Eye For Film >> Movies >> Cream (2016) Film Review
Reviewed by: Luke Shaw
For a certain generation of people, Newgrounds: a web portal for flash animations, was a vaguely subversive corner of the internet, full of fresh faced animators battling for attention with weird and wonderful shorts. For all the inevitable dross that made its way on there, the community always championed videos with real quality and substance. Chief amongst these were David Firth’s surreal and macabre toons. The otherworldly scenarios in Spoilsbury Toast Boy, Salad Fingers, the Sock series and various others, occupied a liminal reality full of violence, filth, and obtuse architecture that had appeal beyond the throwaway jokes in other animations.
As such they gained a sizeable fanbase, and this popularity saw Firth’s work appear on channel 4 and the BBC, often with a slightly heavier leaning towards criticism of the sociopolitical status quo. From these seeds comes his latest animation, Cream. A 10 minute short that according to Firth “is too short to sell but too long to give away” which screened at the 2017 Glasgow Film Festival before Umbilical World, a touched up collection of some of the director's most loved projects.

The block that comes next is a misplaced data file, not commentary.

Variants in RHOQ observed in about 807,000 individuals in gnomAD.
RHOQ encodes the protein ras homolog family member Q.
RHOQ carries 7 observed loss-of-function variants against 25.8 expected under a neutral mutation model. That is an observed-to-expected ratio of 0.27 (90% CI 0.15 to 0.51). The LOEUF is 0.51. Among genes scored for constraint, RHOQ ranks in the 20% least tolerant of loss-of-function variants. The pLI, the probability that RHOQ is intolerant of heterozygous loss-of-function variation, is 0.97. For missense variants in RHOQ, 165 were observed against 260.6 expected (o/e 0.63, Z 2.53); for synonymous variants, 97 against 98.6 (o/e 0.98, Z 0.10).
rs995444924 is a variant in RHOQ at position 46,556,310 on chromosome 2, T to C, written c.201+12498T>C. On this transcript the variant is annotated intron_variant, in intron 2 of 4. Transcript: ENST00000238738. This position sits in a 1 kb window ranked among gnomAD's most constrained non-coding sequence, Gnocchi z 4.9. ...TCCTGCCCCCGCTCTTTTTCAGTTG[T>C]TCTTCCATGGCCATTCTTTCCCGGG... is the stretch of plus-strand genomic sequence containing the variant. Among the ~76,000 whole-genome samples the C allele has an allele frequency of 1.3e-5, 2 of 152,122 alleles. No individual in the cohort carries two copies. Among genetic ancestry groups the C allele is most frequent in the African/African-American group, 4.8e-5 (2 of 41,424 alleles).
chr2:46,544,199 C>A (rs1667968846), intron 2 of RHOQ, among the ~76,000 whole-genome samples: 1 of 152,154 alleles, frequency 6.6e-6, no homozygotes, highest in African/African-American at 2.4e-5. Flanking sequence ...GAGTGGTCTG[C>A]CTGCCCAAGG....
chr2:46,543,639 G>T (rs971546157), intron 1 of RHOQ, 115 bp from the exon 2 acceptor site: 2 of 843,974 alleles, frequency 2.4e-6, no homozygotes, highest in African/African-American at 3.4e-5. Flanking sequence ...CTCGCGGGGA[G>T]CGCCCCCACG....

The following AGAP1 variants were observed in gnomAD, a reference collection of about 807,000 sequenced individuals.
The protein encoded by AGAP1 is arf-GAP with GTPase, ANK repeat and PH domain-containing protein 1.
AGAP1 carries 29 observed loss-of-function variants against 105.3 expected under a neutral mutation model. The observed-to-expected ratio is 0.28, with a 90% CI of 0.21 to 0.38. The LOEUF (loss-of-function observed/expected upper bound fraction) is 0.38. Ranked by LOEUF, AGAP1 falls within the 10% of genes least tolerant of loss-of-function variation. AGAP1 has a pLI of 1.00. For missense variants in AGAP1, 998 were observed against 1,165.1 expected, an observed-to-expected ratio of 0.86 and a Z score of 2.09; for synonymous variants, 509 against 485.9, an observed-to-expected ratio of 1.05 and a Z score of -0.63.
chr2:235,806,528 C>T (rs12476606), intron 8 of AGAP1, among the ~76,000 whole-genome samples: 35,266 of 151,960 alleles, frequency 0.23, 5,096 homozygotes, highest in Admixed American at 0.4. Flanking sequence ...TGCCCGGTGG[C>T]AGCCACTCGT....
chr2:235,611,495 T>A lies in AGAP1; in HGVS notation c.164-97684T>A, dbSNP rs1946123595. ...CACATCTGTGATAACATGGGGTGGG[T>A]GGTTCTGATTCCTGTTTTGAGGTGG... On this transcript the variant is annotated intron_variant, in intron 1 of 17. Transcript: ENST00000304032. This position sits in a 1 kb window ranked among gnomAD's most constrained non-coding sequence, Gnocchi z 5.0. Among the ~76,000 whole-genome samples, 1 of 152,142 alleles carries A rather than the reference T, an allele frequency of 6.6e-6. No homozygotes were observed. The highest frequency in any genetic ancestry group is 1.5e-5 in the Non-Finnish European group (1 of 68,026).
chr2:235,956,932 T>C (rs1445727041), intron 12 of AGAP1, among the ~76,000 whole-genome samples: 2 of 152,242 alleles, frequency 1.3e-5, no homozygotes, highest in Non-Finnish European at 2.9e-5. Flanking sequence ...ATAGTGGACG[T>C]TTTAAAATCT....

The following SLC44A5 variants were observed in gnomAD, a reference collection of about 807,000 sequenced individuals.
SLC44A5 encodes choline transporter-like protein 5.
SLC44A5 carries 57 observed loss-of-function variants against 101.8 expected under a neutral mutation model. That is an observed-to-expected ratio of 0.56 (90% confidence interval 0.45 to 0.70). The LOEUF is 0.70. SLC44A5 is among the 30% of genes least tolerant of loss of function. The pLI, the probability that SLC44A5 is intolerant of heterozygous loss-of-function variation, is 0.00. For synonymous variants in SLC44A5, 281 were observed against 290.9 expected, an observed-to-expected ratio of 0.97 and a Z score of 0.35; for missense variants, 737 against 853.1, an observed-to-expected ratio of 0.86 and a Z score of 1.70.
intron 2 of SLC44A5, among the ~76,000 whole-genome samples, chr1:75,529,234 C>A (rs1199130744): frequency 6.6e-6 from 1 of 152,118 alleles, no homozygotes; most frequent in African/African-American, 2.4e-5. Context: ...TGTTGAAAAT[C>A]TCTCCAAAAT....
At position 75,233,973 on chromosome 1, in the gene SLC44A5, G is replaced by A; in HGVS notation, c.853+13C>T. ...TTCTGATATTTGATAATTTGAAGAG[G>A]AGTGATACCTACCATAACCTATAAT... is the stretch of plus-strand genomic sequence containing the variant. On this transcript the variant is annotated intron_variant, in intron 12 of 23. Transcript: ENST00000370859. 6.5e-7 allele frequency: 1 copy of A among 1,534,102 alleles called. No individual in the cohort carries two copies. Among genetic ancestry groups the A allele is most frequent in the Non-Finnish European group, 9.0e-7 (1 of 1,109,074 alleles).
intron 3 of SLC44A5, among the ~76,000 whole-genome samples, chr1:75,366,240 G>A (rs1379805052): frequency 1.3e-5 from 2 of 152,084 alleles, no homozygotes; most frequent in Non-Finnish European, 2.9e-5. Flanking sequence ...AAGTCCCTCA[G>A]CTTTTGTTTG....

Cream itself is an animation made up of heavily doctored and animated photographs concerning the invention of the titular Cream: a miracle goo that can fix any problem, physical or internal, by reconfiguring molecules based what it calculates to be the logical fix. As its use over the world increases, death becomes reversible, the global food crisis is fixed, higher planes of consciousness are attainable and, in fact, all of life's ailments are solved when it is revealed you can simply just “Cream yourself happy!”
Somewhat inevitably, a shadowy cabal of oligarchs decide that universal happiness is not worth the obliteration of wealth, and begin a smear campaign via the tabloid press and mainstream media. Firth aims his sights squarely and uncompromisingly on the unshackled power of media corporations and our complicity in allowing them to line their own pockets whilst creating audacious and contradictory media narratives. It’s not as mind bending as previous shorts, but it’s defly animated (David states it took a year to complete), darkly comic, and a welcome piece of righteous fury with a distinctly Firthian twist.Reviewed on: 17 Feb 2017